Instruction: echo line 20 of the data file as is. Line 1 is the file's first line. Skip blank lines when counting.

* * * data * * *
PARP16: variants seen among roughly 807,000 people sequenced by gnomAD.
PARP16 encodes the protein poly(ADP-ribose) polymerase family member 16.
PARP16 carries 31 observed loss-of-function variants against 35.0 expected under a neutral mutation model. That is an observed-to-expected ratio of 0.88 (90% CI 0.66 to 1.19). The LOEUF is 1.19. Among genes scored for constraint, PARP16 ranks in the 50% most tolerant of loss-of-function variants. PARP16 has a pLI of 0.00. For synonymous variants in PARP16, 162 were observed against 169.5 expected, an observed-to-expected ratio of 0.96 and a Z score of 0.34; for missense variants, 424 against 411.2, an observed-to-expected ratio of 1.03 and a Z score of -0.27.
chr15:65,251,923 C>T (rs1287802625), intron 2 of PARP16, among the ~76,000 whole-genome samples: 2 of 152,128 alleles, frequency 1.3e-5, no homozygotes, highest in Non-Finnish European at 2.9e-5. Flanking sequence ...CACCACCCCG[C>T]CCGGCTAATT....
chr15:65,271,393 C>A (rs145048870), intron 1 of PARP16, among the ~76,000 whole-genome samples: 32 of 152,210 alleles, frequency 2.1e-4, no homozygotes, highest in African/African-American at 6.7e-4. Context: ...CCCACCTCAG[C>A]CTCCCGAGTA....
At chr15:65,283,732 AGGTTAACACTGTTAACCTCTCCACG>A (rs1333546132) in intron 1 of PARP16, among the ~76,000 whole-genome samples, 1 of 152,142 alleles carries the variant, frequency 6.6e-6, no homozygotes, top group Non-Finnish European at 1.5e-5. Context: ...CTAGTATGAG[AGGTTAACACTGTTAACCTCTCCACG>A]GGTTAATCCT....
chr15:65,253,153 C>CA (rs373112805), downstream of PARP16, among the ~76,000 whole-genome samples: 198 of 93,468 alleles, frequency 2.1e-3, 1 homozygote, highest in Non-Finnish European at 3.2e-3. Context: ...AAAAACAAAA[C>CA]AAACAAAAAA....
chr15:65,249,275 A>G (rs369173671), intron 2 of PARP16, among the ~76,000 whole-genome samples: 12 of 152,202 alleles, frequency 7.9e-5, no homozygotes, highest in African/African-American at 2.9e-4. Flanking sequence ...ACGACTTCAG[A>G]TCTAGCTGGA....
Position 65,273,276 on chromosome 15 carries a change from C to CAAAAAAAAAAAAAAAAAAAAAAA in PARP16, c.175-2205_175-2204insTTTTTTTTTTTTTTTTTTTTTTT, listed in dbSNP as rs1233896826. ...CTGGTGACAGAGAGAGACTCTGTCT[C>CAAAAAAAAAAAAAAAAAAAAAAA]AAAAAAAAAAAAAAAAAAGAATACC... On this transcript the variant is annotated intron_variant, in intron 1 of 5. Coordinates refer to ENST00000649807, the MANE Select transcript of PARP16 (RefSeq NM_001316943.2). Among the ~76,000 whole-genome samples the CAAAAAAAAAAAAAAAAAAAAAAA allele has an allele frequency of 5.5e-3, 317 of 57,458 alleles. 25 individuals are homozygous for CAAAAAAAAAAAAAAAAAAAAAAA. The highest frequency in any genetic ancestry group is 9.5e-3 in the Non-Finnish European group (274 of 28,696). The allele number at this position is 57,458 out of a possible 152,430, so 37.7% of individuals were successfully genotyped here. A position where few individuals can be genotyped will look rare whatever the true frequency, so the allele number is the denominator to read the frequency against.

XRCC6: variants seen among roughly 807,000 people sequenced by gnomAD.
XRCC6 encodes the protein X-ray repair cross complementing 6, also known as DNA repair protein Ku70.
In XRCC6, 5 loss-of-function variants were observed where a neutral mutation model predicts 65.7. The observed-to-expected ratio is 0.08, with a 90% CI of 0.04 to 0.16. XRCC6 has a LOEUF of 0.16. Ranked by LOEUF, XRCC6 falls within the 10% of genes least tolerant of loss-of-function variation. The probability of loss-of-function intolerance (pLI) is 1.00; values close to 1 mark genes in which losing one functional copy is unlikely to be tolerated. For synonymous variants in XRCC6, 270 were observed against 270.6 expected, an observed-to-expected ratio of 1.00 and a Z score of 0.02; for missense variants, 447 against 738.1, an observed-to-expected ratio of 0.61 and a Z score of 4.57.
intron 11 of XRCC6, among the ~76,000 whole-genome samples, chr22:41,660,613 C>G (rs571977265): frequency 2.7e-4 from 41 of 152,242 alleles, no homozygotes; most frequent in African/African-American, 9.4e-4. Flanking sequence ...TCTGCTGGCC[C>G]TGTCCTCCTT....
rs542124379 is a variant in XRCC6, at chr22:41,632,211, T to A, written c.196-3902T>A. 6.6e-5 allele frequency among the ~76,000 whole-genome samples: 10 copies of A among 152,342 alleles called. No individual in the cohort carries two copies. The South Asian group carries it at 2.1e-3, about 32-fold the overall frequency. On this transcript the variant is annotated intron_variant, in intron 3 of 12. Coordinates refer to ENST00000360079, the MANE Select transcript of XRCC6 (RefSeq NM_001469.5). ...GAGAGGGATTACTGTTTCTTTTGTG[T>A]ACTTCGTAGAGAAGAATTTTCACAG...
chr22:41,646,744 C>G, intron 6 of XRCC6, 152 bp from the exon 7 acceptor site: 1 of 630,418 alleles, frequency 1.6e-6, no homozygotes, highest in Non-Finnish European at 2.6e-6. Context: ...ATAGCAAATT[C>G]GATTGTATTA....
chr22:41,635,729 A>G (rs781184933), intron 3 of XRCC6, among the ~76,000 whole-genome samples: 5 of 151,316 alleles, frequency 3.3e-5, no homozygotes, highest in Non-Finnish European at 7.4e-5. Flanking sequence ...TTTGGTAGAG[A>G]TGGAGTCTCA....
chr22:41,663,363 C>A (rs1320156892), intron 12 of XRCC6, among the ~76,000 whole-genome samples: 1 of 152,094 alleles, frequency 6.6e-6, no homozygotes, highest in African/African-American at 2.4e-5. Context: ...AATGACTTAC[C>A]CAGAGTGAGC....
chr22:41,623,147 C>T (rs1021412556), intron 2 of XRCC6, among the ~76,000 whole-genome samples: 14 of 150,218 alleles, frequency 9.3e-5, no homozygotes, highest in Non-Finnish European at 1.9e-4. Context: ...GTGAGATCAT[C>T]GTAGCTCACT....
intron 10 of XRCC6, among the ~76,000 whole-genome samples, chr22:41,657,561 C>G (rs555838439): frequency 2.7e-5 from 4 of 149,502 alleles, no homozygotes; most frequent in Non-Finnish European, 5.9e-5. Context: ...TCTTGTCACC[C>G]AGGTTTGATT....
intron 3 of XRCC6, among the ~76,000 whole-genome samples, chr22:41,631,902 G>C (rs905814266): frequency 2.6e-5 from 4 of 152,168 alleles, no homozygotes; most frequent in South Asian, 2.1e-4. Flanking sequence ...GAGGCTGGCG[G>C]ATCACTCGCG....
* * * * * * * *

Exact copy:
intron 3 of XRCC6, among the ~76,000 whole-genome samples, chr22:41,631,902 G>C (rs905814266): frequency 2.6e-5 from 4 of 152,168 alleles, no homozygotes; most frequent in South Asian, 2.1e-4. Flanking sequence ...GAGGCTGGCG[G>C]ATCACTCGCG....